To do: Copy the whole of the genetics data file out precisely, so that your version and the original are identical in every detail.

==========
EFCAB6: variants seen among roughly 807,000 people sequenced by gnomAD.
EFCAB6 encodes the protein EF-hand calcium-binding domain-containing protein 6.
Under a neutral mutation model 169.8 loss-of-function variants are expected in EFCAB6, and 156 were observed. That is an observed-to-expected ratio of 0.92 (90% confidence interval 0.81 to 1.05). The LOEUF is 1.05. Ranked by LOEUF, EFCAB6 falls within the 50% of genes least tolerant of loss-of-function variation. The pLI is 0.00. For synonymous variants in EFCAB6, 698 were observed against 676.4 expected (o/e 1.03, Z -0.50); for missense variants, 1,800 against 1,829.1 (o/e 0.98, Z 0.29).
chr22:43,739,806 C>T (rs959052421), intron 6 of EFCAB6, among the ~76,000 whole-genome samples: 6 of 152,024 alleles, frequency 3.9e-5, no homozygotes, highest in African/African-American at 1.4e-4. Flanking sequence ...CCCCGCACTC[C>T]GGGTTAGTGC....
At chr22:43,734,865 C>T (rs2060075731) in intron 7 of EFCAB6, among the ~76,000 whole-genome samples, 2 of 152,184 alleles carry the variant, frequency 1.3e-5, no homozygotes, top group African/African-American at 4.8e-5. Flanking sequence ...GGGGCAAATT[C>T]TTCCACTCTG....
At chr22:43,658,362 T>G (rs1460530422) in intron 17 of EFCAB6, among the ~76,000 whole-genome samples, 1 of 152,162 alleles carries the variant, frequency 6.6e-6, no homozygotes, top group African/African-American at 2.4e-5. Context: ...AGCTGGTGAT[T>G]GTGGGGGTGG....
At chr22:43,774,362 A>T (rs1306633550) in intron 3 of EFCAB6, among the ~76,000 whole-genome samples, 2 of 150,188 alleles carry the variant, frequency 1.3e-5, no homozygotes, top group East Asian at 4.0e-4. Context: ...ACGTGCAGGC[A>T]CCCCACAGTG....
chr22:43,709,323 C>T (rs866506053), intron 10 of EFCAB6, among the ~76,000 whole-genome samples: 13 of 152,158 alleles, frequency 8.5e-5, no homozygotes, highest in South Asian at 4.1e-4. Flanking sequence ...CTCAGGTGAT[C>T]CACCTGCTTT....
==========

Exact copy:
EFCAB6: variants seen among roughly 807,000 people sequenced by gnomAD.
EFCAB6 encodes the protein EF-hand calcium-binding domain-containing protein 6.
Under a neutral mutation model 169.8 loss-of-function variants are expected in EFCAB6, and 156 were observed. That is an observed-to-expected ratio of 0.92 (90% confidence interval 0.81 to 1.05). The LOEUF is 1.05. Ranked by LOEUF, EFCAB6 falls within the 50% of genes least tolerant of loss-of-function variation. The pLI is 0.00. For synonymous variants in EFCAB6, 698 were observed against 676.4 expected (o/e 1.03, Z -0.50); for missense variants, 1,800 against 1,829.1 (o/e 0.98, Z 0.29).
chr22:43,739,806 C>T (rs959052421), intron 6 of EFCAB6, among the ~76,000 whole-genome samples: 6 of 152,024 alleles, frequency 3.9e-5, no homozygotes, highest in African/African-American at 1.4e-4. Flanking sequence ...CCCCGCACTC[C>T]GGGTTAGTGC....
At chr22:43,734,865 C>T (rs2060075731) in intron 7 of EFCAB6, among the ~76,000 whole-genome samples, 2 of 152,184 alleles carry the variant, frequency 1.3e-5, no homozygotes, top group African/African-American at 4.8e-5. Flanking sequence ...GGGGCAAATT[C>T]TTCCACTCTG....
At chr22:43,658,362 T>G (rs1460530422) in intron 17 of EFCAB6, among the ~76,000 whole-genome samples, 1 of 152,162 alleles carries the variant, frequency 6.6e-6, no homozygotes, top group African/African-American at 2.4e-5. Context: ...AGCTGGTGAT[T>G]GTGGGGGTGG....
At chr22:43,774,362 A>T (rs1306633550) in intron 3 of EFCAB6, among the ~76,000 whole-genome samples, 2 of 150,188 alleles carry the variant, frequency 1.3e-5, no homozygotes, top group East Asian at 4.0e-4. Context: ...ACGTGCAGGC[A>T]CCCCACAGTG....
chr22:43,709,323 C>T (rs866506053), intron 10 of EFCAB6, among the ~76,000 whole-genome samples: 13 of 152,158 alleles, frequency 8.5e-5, no homozygotes, highest in South Asian at 4.1e-4. Flanking sequence ...CTCAGGTGAT[C>T]CACCTGCTTT....